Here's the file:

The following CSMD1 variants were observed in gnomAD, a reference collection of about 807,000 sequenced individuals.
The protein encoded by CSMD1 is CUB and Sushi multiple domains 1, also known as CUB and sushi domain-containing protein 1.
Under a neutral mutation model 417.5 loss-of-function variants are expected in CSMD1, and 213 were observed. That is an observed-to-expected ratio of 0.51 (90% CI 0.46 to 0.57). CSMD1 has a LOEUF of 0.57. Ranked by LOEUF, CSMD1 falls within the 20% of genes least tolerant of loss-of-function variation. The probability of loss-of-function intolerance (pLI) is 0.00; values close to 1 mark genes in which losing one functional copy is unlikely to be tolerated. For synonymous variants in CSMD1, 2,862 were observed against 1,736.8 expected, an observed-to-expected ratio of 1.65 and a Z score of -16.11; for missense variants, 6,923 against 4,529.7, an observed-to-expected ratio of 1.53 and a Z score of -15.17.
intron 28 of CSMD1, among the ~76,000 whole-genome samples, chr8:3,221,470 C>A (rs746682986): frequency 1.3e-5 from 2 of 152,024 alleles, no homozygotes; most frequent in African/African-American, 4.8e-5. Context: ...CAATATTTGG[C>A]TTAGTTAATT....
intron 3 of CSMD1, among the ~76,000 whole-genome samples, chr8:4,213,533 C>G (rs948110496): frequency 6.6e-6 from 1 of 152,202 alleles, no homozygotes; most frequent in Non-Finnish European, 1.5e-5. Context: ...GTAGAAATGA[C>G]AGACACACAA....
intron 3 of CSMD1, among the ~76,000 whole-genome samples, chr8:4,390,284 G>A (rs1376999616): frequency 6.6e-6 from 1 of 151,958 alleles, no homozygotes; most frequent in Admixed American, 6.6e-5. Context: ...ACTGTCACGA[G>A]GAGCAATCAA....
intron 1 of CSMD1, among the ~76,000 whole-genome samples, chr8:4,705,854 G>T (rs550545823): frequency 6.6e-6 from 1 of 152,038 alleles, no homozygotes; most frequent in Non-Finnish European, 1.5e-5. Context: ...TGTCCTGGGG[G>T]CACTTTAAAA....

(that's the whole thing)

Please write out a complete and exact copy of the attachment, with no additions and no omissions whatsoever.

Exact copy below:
The following CSMD1 variants were observed in gnomAD, a reference collection of about 807,000 sequenced individuals.
The protein encoded by CSMD1 is CUB and Sushi multiple domains 1, also known as CUB and sushi domain-containing protein 1.
Under a neutral mutation model 417.5 loss-of-function variants are expected in CSMD1, and 213 were observed. That is an observed-to-expected ratio of 0.51 (90% CI 0.46 to 0.57). CSMD1 has a LOEUF of 0.57. Ranked by LOEUF, CSMD1 falls within the 20% of genes least tolerant of loss-of-function variation. The probability of loss-of-function intolerance (pLI) is 0.00; values close to 1 mark genes in which losing one functional copy is unlikely to be tolerated. For synonymous variants in CSMD1, 2,862 were observed against 1,736.8 expected, an observed-to-expected ratio of 1.65 and a Z score of -16.11; for missense variants, 6,923 against 4,529.7, an observed-to-expected ratio of 1.53 and a Z score of -15.17.
intron 28 of CSMD1, among the ~76,000 whole-genome samples, chr8:3,221,470 C>A (rs746682986): frequency 1.3e-5 from 2 of 152,024 alleles, no homozygotes; most frequent in African/African-American, 4.8e-5. Context: ...CAATATTTGG[C>A]TTAGTTAATT....
intron 3 of CSMD1, among the ~76,000 whole-genome samples, chr8:4,213,533 C>G (rs948110496): frequency 6.6e-6 from 1 of 152,202 alleles, no homozygotes; most frequent in Non-Finnish European, 1.5e-5. Context: ...GTAGAAATGA[C>G]AGACACACAA....
intron 3 of CSMD1, among the ~76,000 whole-genome samples, chr8:4,390,284 G>A (rs1376999616): frequency 6.6e-6 from 1 of 151,958 alleles, no homozygotes; most frequent in Admixed American, 6.6e-5. Context: ...ACTGTCACGA[G>A]GAGCAATCAA....
intron 1 of CSMD1, among the ~76,000 whole-genome samples, chr8:4,705,854 G>T (rs550545823): frequency 6.6e-6 from 1 of 152,038 alleles, no homozygotes; most frequent in Non-Finnish European, 1.5e-5. Context: ...TGTCCTGGGG[G>T]CACTTTAAAA....